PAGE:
Great chardonnays of the world on show
A Seat at the Table is a compelling documentary by producer David Nash. Nash asks whether New Zealand wine is now good enough to sit alongside some of the world’s most famous players. He interviews many notable wine names and offers a New Zealand versus Burgundy tasting as evidence that our Chardonnay can certainly step up to the mark.My top wine was also the least expensive. It was 2019 Villa Maria Ihumatao.
The New Zealand versus Burgundy tasting featured four flights with four serious white Burgundies and one Kumeu River Chardonnay in each. The wines were judged blind by distinguished European wine judges. Kumeu River came first in three flights and first equal in the fourth flight – compelling evidence that Kumeu River Chardonnay at least can foot it with the best.
More evidence that New Zealand deserves to be in the Big Boy’s Chardonnay Club emerged at a Villa Maria sponsored Great Chardonnays of the World tasting, where three of their wines were stacked up against a very impressive international line-up of masked bottles.
Flight 1: Taut, mineral and fine
- 2019 Errazuriz Las Pizarras Chardonnay, Chile (NZD $85)
- 2017 Catena Zapata Whites Stones Chardonnay, Argentina (NZD $119.99)
- 2019 Villa Maria Taylors Pass Chardonnay, Marlborough (NZD $49.99)
- 2015 Domaine Francois Raveneau Montée de Tonnerre Chablis Premier Cru, Burgundy (NZD $475)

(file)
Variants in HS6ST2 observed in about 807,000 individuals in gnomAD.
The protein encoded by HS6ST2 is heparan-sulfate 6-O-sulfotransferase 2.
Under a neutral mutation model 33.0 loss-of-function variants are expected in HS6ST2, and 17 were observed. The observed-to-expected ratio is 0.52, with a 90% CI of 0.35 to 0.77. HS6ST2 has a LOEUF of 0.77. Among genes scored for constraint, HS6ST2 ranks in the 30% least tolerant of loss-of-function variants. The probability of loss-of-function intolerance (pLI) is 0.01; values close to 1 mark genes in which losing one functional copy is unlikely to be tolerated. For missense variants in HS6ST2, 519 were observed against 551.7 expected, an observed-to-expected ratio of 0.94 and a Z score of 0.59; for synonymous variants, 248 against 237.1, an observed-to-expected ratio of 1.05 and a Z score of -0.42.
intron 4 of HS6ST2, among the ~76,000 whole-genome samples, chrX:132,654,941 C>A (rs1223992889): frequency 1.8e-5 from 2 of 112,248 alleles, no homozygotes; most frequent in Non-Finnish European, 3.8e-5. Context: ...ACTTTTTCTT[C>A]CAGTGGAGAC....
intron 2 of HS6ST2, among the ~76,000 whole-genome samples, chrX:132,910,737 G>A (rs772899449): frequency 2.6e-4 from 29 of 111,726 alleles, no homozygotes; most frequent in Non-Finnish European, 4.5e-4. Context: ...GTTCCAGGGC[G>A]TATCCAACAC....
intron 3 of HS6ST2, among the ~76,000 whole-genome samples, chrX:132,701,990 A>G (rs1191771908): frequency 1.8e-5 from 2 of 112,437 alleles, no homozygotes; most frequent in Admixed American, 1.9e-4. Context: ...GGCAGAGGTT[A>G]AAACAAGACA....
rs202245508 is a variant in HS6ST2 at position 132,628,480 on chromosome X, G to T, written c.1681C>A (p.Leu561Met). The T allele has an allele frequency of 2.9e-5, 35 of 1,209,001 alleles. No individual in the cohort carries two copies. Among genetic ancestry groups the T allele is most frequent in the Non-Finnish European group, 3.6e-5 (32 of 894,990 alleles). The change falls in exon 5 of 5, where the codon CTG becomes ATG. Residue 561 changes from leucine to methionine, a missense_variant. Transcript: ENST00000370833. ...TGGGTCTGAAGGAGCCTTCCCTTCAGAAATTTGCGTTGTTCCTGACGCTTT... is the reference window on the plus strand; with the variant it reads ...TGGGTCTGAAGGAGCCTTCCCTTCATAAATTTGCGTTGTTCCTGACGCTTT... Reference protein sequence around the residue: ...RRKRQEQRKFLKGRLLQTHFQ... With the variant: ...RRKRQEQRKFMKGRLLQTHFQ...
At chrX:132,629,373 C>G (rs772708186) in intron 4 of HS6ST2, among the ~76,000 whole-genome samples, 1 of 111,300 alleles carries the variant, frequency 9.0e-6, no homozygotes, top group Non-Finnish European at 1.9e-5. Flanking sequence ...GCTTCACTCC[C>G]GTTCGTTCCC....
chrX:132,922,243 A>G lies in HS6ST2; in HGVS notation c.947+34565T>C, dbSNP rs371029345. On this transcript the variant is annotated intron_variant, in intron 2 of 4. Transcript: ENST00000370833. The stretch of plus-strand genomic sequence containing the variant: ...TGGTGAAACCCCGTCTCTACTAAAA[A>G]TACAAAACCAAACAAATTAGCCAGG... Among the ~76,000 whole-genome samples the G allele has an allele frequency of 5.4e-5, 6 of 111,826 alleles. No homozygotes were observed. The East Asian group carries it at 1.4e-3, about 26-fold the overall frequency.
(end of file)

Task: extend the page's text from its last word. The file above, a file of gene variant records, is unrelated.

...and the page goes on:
- 2018 Leeuwin Estate Art Series Chardonnay, Margaret River (NZD $110)
Flight 2: Elegant, harmonious and ethereal
- 2018 Walter Scott Seven Springs Vineyard Eola-Amity Hills Chardonnay, Oregon (NZD $190)
- 2019 Villa Maria Keltern Vineyard Chardonnay, Hawke’s Bay (NZD $79.99)
- 2018 Hamilton Russell Chardonnay, South Africa (NZD $82)
- 2017 Domaine Leflaive Bâtard-Montrachet Grand Cru, Burgundy (NZD $1082)
- 2017 Louis Jadot Chevalier-Montrachet Grand Cru, Burgundy (NZD $750)
Flight 3: Dense, sophisticated and complex
- 2019 Villa Maria Ihumatao Chardonnay, Auckland (NZD $49.99)
- 2018 Giaconda Estate Vineyard Chardonnay, Beechworth (NZD $104)
- 2018 Hyde de Villaine Carneros Napa Chardonnay, USA (NZD $195)
- 2018 Domaine Coche-Dury Meursault, Burgundy (NZD $825)
- 2017 Domaine Bonneau du Martray Corton-Charlemagne Grand Cru, Burgundy (NZD $440)
My top wine was also the least expensive. It was 2019 Villa Maria Ihumatao. It’s a concentrated chardonnay with grapefruit, tree fruits and oyster-shell characters. Very pure and defined. A seductive wine that has the X-factor. Wonderfully textural.
It is available from the winery cellar door. I bought a case and opened one bottle, which absolutely confirmed my first impression. This is a truly great chardonnay and a bargain at NZD $49.99. There is a chance that the vineyard may be sold and the vines uprooted, which would be an absolute tragedy.
My second choice was Domaine Coche-Dury Meursault 2018. A concentrated Burgundy with layers of flavours including nutty oak and mineral-saline characters. A supremely elegant wine.